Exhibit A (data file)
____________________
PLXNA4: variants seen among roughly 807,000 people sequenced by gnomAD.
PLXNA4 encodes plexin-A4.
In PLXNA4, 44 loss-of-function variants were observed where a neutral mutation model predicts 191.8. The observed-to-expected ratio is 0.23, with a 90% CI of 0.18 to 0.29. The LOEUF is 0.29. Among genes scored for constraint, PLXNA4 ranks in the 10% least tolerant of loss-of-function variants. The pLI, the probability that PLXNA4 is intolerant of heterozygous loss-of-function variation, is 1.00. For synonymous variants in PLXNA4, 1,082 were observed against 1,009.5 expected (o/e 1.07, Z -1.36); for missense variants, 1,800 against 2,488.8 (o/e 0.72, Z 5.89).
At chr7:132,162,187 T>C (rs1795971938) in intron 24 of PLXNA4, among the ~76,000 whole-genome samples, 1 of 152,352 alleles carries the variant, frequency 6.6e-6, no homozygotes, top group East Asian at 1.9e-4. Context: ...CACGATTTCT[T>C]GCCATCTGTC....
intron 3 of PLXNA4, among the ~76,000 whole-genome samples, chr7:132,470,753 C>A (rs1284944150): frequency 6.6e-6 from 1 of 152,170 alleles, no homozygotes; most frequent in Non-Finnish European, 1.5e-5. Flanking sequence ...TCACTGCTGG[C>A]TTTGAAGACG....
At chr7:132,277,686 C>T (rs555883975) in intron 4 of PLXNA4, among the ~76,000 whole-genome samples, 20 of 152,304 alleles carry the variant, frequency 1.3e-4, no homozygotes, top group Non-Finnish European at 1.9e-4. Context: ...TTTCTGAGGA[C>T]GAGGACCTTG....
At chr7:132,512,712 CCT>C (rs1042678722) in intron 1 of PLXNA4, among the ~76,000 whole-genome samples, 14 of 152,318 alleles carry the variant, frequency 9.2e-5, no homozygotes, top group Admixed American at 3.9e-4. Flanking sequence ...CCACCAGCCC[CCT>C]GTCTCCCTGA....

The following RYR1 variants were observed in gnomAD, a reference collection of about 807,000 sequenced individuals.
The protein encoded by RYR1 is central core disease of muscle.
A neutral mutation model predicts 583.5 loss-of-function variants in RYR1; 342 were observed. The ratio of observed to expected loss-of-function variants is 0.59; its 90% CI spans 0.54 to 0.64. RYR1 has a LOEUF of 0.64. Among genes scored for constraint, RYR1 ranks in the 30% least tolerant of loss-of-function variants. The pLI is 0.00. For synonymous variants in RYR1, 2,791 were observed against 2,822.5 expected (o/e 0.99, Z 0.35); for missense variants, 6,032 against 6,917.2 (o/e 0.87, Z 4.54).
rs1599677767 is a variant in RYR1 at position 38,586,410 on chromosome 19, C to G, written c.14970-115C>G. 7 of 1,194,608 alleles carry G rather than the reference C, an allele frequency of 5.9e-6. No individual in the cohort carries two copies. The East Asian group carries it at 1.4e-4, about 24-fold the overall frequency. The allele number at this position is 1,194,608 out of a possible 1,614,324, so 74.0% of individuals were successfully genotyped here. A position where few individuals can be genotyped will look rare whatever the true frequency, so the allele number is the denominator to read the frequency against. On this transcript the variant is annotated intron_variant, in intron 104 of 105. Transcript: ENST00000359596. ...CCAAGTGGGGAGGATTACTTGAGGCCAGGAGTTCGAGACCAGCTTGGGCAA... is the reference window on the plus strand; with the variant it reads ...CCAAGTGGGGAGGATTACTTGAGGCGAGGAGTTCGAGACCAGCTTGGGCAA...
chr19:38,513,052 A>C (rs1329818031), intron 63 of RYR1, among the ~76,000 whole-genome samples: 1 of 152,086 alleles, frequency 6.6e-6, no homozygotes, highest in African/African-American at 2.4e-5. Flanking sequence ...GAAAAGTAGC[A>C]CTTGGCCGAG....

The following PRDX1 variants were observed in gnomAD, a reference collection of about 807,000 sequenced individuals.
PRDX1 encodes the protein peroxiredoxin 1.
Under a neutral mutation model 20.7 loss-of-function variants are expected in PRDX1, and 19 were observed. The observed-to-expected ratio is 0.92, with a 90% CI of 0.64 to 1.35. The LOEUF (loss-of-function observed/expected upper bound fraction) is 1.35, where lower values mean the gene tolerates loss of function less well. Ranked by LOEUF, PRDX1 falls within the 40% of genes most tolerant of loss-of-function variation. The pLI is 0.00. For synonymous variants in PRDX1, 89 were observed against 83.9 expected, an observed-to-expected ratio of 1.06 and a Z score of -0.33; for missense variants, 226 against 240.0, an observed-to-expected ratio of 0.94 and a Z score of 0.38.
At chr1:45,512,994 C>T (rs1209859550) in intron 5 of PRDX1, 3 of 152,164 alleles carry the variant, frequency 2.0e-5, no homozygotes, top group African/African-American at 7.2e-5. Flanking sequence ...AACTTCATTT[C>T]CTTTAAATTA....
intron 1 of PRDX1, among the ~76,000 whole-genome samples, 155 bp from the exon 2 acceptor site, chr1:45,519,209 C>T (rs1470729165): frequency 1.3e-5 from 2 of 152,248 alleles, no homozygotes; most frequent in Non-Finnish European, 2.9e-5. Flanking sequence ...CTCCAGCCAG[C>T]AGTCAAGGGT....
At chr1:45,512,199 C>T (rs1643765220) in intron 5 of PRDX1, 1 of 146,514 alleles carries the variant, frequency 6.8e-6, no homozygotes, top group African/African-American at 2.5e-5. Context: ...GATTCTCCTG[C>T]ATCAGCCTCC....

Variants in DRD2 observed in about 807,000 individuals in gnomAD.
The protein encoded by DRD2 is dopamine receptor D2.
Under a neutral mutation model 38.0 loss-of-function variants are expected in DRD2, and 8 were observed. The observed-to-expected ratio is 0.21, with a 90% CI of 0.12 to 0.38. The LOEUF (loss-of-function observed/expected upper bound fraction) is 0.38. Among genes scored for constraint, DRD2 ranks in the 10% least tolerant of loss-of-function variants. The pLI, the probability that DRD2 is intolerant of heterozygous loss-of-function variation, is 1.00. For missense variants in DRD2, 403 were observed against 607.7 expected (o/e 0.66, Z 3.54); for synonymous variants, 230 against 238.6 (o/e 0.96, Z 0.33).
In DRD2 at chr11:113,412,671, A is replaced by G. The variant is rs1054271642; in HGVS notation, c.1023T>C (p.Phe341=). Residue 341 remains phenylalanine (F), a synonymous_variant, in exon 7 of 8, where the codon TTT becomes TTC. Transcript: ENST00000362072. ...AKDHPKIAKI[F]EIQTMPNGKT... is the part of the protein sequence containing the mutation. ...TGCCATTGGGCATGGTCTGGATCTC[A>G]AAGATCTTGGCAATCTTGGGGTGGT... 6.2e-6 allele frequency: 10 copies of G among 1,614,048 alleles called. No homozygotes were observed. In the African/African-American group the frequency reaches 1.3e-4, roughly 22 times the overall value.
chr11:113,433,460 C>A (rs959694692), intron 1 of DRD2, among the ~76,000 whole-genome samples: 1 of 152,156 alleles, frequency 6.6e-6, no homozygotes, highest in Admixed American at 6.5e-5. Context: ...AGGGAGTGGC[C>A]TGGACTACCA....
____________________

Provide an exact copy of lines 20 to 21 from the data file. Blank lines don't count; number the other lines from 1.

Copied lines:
The protein encoded by DRD2 is dopamine receptor D2.
Under a neutral mutation model 38.0 loss-of-function variants are expected in DRD2, and 8 were observed. The observed-to-expected ratio is 0.21, with a 90% CI of 0.12 to 0.38. The LOEUF (loss-of-function observed/expected upper bound fraction) is 0.38. Among genes scored for constraint, DRD2 ranks in the 10% least tolerant of loss-of-function variants. The pLI, the probability that DRD2 is intolerant of heterozygous loss-of-function variation, is 1.00. For missense variants in DRD2, 403 were observed against 607.7 expected (o/e 0.66, Z 3.54); for synonymous variants, 230 against 238.6 (o/e 0.96, Z 0.33).